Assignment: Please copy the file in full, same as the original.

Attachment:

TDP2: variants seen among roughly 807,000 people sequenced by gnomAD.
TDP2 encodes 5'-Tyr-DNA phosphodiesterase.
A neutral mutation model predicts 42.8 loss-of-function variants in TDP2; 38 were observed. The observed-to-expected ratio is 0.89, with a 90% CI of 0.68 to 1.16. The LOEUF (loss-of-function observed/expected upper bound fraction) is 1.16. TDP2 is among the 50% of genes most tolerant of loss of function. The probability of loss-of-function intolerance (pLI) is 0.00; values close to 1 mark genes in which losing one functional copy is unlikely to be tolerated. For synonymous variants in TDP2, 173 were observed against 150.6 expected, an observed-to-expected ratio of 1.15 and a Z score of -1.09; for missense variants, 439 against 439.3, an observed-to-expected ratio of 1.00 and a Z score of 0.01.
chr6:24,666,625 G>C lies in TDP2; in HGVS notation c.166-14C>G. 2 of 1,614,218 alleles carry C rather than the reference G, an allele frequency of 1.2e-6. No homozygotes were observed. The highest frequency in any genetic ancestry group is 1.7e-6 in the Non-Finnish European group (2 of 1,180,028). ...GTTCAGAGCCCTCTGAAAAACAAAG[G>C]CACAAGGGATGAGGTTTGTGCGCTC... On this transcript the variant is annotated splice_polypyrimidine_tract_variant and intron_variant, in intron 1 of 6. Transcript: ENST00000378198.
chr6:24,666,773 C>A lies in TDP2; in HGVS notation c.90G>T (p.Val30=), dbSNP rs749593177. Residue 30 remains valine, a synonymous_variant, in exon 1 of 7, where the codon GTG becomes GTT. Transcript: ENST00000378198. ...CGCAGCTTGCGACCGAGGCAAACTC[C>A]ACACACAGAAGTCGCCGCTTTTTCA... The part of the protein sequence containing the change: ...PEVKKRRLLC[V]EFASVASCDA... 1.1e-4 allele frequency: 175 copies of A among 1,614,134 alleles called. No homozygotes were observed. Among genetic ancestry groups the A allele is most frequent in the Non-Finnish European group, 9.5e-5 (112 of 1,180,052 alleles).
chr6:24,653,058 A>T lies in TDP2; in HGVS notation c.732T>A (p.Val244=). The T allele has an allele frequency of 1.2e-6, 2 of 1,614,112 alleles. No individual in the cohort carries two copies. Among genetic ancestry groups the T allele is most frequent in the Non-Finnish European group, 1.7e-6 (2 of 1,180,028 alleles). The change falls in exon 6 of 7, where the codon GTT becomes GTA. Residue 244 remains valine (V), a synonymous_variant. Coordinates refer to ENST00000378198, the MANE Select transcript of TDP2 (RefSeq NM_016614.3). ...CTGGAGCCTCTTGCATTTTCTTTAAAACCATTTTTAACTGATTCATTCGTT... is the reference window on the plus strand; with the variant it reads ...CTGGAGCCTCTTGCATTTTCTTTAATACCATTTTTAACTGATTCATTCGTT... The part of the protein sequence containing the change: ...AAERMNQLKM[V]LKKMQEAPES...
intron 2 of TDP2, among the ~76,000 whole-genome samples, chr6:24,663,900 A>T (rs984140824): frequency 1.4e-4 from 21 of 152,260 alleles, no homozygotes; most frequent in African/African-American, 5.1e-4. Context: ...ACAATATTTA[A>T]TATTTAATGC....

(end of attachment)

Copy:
TDP2: variants seen among roughly 807,000 people sequenced by gnomAD.
TDP2 encodes 5'-Tyr-DNA phosphodiesterase.
A neutral mutation model predicts 42.8 loss-of-function variants in TDP2; 38 were observed. The observed-to-expected ratio is 0.89, with a 90% CI of 0.68 to 1.16. The LOEUF (loss-of-function observed/expected upper bound fraction) is 1.16. TDP2 is among the 50% of genes most tolerant of loss of function. The probability of loss-of-function intolerance (pLI) is 0.00; values close to 1 mark genes in which losing one functional copy is unlikely to be tolerated. For synonymous variants in TDP2, 173 were observed against 150.6 expected, an observed-to-expected ratio of 1.15 and a Z score of -1.09; for missense variants, 439 against 439.3, an observed-to-expected ratio of 1.00 and a Z score of 0.01.
chr6:24,666,625 G>C lies in TDP2; in HGVS notation c.166-14C>G. 2 of 1,614,218 alleles carry C rather than the reference G, an allele frequency of 1.2e-6. No homozygotes were observed. The highest frequency in any genetic ancestry group is 1.7e-6 in the Non-Finnish European group (2 of 1,180,028). ...GTTCAGAGCCCTCTGAAAAACAAAG[G>C]CACAAGGGATGAGGTTTGTGCGCTC... On this transcript the variant is annotated splice_polypyrimidine_tract_variant and intron_variant, in intron 1 of 6. Transcript: ENST00000378198.
chr6:24,666,773 C>A lies in TDP2; in HGVS notation c.90G>T (p.Val30=), dbSNP rs749593177. Residue 30 remains valine, a synonymous_variant, in exon 1 of 7, where the codon GTG becomes GTT. Transcript: ENST00000378198. ...CGCAGCTTGCGACCGAGGCAAACTC[C>A]ACACACAGAAGTCGCCGCTTTTTCA... The part of the protein sequence containing the change: ...PEVKKRRLLC[V]EFASVASCDA... 1.1e-4 allele frequency: 175 copies of A among 1,614,134 alleles called. No homozygotes were observed. Among genetic ancestry groups the A allele is most frequent in the Non-Finnish European group, 9.5e-5 (112 of 1,180,052 alleles).
chr6:24,653,058 A>T lies in TDP2; in HGVS notation c.732T>A (p.Val244=). The T allele has an allele frequency of 1.2e-6, 2 of 1,614,112 alleles. No individual in the cohort carries two copies. Among genetic ancestry groups the T allele is most frequent in the Non-Finnish European group, 1.7e-6 (2 of 1,180,028 alleles). The change falls in exon 6 of 7, where the codon GTT becomes GTA. Residue 244 remains valine (V), a synonymous_variant. Coordinates refer to ENST00000378198, the MANE Select transcript of TDP2 (RefSeq NM_016614.3). ...CTGGAGCCTCTTGCATTTTCTTTAAAACCATTTTTAACTGATTCATTCGTT... is the reference window on the plus strand; with the variant it reads ...CTGGAGCCTCTTGCATTTTCTTTAATACCATTTTTAACTGATTCATTCGTT... The part of the protein sequence containing the change: ...AAERMNQLKM[V]LKKMQEAPES...
intron 2 of TDP2, among the ~76,000 whole-genome samples, chr6:24,663,900 A>T (rs984140824): frequency 1.4e-4 from 21 of 152,260 alleles, no homozygotes; most frequent in African/African-American, 5.1e-4. Context: ...ACAATATTTA[A>T]TATTTAATGC....